ACC445 P4T1 DB 2-6-07 - Phase 4 Budgeting (DB) by...

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Phase 4 Budgeting (DB) by Rodney.JeanBaptiste on 1/5/2007 6:23:39 AM Reply to Message | Reply to Forum | Print | Save | Email Prepare a 2006 master budget for SSOG based on the 2003–2005 actual performances for a presentation about  meeting company goals. Communicate your assumptions and calculations that went into the preparation. In your own words, please post a response to the Discussion Board and comment on other postings. You  will be graded on the quality of your postings. © Copyright 2006 Colorado Technical University Online. All Rights Reserved. Phase 4 Budgeting (DB) by Alice.Hess on 2/3/2007 10:48:52 PM Reply to Message | Reply to Forum | Print | Save | Email   Alice Hess ACC445-0701A-01 Phase 4 DB The most likely case scenario is based on the numbers of the years 2003-2005. As we can notice, the numbers in the master budget are higher than those of actual year 2005. The reason is that it’s always a good idea to add to most probable numbers a bit when budgeting. The reason is when the result is achieved, even if it’s lower than budget numbers, most likely it’s going to be higher than probable numbers were. We assume that the growth in the numbers will continue. That is number of gallons will increase (by about the same amount as in year 2003-2004). We can do that without fearing the market saturation simply because people always drink orange juice and according the original Scenario, we don’t have too much competition, We would also expect the price to the fairly stable (not far from what it was the year before) as well as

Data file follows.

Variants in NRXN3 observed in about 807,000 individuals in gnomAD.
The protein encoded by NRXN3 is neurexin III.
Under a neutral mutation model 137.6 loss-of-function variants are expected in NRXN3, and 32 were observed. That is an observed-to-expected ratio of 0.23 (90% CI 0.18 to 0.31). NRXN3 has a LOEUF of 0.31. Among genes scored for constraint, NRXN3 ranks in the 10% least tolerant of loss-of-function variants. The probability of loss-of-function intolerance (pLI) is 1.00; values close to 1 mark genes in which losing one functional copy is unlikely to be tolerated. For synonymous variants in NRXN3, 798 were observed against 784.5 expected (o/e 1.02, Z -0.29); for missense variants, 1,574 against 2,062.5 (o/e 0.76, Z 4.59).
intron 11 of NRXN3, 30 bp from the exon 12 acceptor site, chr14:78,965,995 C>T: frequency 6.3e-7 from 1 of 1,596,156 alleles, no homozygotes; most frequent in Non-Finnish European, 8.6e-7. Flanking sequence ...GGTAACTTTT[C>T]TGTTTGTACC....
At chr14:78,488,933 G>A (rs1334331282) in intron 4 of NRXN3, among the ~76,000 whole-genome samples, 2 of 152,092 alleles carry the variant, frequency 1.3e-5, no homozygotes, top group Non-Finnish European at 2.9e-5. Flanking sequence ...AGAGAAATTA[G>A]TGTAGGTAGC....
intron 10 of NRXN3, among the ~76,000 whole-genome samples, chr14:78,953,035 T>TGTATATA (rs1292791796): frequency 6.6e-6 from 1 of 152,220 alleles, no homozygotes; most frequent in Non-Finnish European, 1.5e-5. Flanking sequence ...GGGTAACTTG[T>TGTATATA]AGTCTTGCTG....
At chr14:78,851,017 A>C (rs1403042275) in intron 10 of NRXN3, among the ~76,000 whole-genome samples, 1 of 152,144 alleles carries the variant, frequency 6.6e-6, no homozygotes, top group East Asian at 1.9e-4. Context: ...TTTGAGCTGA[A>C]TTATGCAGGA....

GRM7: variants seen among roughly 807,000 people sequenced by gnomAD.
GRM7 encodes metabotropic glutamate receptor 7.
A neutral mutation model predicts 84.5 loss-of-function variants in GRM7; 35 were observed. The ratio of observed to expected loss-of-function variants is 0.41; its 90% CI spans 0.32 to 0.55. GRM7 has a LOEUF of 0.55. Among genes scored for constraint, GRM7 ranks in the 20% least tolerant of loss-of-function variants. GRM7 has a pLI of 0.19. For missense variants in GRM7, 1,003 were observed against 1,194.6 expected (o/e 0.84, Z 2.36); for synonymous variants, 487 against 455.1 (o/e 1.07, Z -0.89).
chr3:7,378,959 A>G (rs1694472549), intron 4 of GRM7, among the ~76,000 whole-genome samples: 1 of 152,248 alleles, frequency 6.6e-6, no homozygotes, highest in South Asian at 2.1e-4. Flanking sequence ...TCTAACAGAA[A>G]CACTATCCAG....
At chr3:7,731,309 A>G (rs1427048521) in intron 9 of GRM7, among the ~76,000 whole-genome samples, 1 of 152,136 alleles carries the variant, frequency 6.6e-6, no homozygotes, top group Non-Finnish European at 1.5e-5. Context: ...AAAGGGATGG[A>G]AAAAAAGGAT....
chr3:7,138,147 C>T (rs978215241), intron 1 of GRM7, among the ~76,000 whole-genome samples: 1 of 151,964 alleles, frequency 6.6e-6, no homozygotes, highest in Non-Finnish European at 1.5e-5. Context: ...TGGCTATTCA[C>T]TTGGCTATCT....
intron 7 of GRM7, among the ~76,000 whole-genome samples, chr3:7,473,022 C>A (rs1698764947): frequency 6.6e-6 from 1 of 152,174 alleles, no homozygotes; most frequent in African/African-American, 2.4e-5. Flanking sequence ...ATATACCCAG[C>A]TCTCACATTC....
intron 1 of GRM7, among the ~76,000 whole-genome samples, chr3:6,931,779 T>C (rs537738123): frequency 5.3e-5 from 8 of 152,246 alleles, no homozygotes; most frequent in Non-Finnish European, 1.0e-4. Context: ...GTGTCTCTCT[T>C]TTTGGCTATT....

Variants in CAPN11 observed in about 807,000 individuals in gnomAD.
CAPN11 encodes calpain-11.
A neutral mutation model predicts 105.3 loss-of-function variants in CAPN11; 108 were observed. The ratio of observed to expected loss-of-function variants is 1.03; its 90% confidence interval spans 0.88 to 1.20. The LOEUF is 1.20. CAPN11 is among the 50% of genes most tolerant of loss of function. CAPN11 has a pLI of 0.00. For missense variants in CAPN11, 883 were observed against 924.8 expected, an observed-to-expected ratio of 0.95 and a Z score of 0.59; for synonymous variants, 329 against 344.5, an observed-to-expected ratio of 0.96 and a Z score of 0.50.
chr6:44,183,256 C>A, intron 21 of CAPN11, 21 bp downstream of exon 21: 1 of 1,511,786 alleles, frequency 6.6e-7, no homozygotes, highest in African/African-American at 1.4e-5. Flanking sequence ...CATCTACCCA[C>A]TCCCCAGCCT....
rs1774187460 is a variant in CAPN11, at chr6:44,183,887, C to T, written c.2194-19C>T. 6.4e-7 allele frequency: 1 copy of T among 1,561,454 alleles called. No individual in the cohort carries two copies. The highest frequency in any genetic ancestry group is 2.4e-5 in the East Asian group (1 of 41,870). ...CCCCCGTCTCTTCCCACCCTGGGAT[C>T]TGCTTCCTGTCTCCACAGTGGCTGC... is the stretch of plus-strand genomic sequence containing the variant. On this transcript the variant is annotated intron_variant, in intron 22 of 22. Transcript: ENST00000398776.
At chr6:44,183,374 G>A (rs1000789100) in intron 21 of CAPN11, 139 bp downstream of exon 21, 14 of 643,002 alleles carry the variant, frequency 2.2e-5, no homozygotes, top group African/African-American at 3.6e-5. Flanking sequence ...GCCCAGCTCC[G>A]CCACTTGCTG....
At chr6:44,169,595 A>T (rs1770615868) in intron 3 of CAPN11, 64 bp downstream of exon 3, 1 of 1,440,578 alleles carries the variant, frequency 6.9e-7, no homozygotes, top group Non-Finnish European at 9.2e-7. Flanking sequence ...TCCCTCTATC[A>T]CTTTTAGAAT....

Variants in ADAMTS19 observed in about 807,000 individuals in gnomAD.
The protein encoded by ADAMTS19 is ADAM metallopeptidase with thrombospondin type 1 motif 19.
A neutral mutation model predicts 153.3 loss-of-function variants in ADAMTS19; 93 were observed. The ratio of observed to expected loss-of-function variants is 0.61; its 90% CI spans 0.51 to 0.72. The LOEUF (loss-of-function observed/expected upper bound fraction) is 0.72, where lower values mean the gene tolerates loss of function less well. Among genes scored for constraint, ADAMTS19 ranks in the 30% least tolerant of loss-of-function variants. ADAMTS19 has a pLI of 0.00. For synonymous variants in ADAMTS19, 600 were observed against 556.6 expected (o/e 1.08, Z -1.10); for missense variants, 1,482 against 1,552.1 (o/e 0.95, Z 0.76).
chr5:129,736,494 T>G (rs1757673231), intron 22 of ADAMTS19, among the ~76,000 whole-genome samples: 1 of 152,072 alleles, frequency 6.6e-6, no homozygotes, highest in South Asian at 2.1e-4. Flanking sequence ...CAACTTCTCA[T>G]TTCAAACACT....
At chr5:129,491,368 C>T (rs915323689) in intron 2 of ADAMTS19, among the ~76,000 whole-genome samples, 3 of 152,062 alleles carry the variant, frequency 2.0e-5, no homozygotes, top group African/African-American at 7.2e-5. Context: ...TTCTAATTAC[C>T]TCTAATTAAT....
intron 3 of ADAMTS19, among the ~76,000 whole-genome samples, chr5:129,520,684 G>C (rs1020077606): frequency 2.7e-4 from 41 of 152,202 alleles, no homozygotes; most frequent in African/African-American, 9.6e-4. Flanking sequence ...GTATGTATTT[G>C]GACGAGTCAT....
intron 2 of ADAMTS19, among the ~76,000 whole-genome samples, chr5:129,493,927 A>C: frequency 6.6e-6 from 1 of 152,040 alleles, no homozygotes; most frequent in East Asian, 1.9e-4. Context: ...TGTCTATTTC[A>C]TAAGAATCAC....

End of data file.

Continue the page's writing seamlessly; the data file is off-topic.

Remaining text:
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costs should go down a bit. The reason is once again pretty simple – we don’t change the process, therefore there is a lot of expertise in what people do, hence the productivity goes up, while the equipment depreciates, and consequently loses its value. We also assume that we would sell 10,000 gallons less than we would produce for each product line. We set the price to be a bit higher than years before. The reason is there is always inflation. After that we compute the Cost of Goods Sold (COGS) by multiplying the production cost by the number of gallons sold. We also compute the Net Sales by multiplying the price for each product by the quantity of gallons sold. In the Expenses section of the Income Statement we include: - Depreciation - computed by calculating the Direct equipment cost for all the gallons of juice produced divided by 7 (we presume the useful life of equipment to be 7 years) – see the formula in the corresponding cell of the Excel file. - Office and warehouse rent – we assume it’s contractual and doesn’t change from the previous year. -
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ACC445 P4T1 DB 2-6-07 - Phase 4 Budgeting (DB) by...

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